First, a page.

Today we have multiculturalism and political correctness, which may be corrective, but too often dispense with the intellectual underpinnings which should allow a pluralist to make a few judgements here and there. The art world is a duller and dumber place than it was in the 70s, albeit more tolerant. I'd say tolerance is a good thing, but it depends on what you're tolerating.
Anyway, Jeremy is still out there, though his voice is not heard so widely. He was purged from Parsons before my senior year, because all his students stopped painting still lives and started painting squares. Betraying his mentors and sleeping with the coeds didn't help either. I think he ended up in California where he has influenced new generations of student seekers. For all his hard-ass intellectualism, he has a great take on the subversive uses of pleasure and beauty, which continues to influence me, in epicurian as well as aesthetic matters. You can get an idea of his style from these two excerpts, and here's a hilarious review featuring a knock-out of Jerry Saltz. Gotta pick up his latest.
Oh, and Schjeldahl should know that Ryman tops Marden. I mean, you might rather look at a Marden, but that's hardly the point. As for Olitski, he's just the American extension of Western Imperialism, and obviously a moral abomination. (Just kidding; I'm a pluralist, honest…)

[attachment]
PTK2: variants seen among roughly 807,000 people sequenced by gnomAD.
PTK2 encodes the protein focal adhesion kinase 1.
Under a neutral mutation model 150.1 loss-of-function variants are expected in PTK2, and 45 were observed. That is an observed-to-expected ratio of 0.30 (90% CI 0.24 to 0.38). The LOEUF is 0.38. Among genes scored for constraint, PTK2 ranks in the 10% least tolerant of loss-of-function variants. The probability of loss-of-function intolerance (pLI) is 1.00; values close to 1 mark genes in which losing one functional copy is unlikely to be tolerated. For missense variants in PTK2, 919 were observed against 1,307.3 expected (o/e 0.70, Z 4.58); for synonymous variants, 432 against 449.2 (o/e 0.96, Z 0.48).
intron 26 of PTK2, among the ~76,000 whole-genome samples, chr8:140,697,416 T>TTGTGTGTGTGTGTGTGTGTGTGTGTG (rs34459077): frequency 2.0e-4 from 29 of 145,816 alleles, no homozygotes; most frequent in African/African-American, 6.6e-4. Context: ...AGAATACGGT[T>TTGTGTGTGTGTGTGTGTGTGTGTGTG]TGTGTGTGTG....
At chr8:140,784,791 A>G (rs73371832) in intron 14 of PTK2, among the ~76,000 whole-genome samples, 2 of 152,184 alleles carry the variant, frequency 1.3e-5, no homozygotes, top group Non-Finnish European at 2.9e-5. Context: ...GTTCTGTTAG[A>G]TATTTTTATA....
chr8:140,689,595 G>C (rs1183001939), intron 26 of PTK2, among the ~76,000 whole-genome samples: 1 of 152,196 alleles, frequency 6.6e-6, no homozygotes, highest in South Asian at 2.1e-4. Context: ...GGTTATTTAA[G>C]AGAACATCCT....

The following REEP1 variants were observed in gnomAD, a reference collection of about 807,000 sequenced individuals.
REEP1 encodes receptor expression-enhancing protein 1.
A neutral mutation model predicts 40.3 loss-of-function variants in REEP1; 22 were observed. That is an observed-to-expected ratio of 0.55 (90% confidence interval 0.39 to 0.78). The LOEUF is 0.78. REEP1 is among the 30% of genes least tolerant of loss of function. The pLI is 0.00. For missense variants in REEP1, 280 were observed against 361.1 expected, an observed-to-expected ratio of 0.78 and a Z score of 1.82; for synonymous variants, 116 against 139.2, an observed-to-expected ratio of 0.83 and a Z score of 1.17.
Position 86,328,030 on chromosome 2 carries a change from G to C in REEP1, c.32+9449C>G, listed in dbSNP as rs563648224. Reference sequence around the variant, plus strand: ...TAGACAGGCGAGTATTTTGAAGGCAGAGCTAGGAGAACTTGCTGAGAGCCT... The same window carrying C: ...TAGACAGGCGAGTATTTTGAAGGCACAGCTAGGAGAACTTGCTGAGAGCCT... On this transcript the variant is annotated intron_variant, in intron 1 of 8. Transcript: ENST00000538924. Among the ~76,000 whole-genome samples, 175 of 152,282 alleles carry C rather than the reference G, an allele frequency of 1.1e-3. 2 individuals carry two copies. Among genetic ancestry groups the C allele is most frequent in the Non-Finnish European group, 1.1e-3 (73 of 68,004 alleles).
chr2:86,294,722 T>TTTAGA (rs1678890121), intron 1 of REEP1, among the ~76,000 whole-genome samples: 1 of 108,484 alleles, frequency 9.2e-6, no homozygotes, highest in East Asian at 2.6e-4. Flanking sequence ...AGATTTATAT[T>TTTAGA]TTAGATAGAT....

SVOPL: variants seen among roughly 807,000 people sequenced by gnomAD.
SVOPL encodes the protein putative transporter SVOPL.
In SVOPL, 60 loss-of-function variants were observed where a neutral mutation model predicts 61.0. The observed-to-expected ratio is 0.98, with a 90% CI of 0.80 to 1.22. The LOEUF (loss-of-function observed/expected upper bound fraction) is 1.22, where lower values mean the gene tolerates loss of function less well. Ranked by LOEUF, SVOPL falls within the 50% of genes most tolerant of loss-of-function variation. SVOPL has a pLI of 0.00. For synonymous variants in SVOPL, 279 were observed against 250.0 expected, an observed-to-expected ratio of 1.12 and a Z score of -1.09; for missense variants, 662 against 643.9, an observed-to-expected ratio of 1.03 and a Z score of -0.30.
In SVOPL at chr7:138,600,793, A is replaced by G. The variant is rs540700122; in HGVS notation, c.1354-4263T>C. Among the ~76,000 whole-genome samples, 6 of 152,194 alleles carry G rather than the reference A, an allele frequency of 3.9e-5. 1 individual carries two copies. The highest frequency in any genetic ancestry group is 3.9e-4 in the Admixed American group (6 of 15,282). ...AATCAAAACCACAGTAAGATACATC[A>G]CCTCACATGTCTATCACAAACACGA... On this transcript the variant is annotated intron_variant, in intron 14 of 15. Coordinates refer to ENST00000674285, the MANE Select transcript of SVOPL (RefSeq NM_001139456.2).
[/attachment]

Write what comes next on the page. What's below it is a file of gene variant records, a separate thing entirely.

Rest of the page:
Artist Niki de Saint Phalle has died.
Audubon on view; catch the show, 'cause the website took up too much bandwidth.
I went to see Gary Wilson (front row center) last Wednesday at Joe's Pub and also caught a set recorded last tuesday for broadcasted on Scott William's show last night (Friday May 17th 8-10 pm) on 91.1 wfmu.
Check the above link to the archive for a relisten. He had one shoe on and one shoe off, flour on his face and black stuff on his lips, an oversized blazer with no shirt and two pairs of criss-crossing glasses / 3-D and regular cat style sunglasses. There were two sexy manacins
on stage that he rolled around with while a guy sprinkeled flour all over them and the stage. There was also a video moniter that showed old video proformances projects from the 70's of similar and even more over the top behavior (which is somthing else to look into). It was high proformance art with a brilliant musical aspect. His band back in the 70's was called The Blind Dates.
A google search on for GW and the BD's provides this solitary and pathetic account of them opening for the Tom Robinson Band back in the day:
"I still remember sitting in the theatre in the near dark waiting almost and hour for the opening act a horrible synthesizer band called Gary Wilson and the Blind Dates. They came out with flour sprinkled all over themselves and played with a dim blue light on. Very depressing. Finally they cleared off the stage and roadies hauled away their gear. More waiting."